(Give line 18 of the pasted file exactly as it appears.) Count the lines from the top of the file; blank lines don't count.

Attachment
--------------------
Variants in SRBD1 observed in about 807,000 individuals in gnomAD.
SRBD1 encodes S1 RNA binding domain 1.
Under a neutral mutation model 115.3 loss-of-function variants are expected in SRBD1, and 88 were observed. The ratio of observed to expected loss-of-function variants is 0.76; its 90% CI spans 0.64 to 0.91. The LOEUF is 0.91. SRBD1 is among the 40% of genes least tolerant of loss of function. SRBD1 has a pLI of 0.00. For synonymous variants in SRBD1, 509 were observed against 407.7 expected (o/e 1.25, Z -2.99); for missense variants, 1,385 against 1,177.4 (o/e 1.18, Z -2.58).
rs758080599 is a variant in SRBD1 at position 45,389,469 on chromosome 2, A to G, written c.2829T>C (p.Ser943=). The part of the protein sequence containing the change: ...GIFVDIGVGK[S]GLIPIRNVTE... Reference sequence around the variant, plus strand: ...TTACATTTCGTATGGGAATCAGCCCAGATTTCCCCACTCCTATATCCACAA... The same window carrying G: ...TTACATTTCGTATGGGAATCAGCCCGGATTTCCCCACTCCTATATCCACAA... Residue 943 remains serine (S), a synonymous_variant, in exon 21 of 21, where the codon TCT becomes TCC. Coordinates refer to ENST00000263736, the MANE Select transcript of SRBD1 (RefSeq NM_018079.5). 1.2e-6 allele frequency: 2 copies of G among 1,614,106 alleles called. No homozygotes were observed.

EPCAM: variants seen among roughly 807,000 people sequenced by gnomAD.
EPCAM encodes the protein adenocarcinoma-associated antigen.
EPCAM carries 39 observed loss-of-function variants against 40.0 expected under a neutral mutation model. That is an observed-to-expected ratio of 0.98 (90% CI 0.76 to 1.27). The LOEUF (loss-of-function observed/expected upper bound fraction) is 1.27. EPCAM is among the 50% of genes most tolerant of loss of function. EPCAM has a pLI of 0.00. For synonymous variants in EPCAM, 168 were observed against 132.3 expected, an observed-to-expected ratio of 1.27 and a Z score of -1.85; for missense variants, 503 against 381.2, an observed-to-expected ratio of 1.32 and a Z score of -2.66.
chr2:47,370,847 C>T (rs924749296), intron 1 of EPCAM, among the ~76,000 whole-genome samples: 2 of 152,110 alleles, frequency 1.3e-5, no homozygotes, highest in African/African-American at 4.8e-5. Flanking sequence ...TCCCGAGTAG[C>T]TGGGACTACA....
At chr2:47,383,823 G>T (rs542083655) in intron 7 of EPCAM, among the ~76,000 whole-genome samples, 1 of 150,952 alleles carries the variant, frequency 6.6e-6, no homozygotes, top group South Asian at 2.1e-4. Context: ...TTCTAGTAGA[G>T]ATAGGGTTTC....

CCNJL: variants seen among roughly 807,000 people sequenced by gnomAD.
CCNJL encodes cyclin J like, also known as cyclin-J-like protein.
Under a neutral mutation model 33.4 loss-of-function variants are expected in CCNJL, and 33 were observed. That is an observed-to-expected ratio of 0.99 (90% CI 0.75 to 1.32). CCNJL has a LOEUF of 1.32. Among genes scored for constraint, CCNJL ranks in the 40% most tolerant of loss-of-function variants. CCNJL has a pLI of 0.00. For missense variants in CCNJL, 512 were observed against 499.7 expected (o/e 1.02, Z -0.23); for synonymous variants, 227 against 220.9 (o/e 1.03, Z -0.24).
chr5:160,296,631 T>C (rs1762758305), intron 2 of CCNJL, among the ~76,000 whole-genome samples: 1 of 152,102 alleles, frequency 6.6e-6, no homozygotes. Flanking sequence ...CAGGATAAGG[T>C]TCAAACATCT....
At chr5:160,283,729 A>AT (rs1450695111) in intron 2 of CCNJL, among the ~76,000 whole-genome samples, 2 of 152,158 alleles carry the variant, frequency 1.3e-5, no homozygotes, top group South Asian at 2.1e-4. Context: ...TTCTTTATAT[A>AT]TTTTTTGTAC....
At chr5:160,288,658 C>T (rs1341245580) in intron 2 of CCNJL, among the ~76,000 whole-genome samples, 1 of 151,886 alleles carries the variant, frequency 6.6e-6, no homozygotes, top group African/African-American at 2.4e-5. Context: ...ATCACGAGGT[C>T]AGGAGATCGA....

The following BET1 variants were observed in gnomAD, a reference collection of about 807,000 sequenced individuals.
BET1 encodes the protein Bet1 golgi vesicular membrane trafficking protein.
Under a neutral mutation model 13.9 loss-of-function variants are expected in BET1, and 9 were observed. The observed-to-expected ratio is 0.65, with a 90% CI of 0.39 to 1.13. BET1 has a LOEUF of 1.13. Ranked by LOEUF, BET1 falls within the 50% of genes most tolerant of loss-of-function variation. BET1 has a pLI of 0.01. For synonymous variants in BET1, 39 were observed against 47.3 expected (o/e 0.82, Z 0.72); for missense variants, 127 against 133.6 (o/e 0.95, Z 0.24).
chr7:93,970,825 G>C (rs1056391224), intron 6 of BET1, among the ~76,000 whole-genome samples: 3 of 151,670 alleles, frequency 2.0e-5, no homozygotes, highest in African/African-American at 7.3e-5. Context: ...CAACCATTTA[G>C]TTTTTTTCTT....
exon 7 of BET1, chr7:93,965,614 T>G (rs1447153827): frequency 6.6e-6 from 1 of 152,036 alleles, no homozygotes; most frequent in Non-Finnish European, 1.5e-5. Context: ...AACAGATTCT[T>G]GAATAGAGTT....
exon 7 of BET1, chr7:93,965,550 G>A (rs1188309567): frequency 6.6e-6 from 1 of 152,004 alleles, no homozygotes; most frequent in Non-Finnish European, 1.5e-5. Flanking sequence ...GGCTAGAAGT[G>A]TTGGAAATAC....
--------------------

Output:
Under a neutral mutation model 13.9 loss-of-function variants are expected in BET1, and 9 were observed. The observed-to-expected ratio is 0.65, with a 90% CI of 0.39 to 1.13. BET1 has a LOEUF of 1.13. Ranked by LOEUF, BET1 falls within the 50% of genes most tolerant of loss-of-function variation. BET1 has a pLI of 0.01. For synonymous variants in BET1, 39 were observed against 47.3 expected (o/e 0.82, Z 0.72); for missense variants, 127 against 133.6 (o/e 0.95, Z 0.24).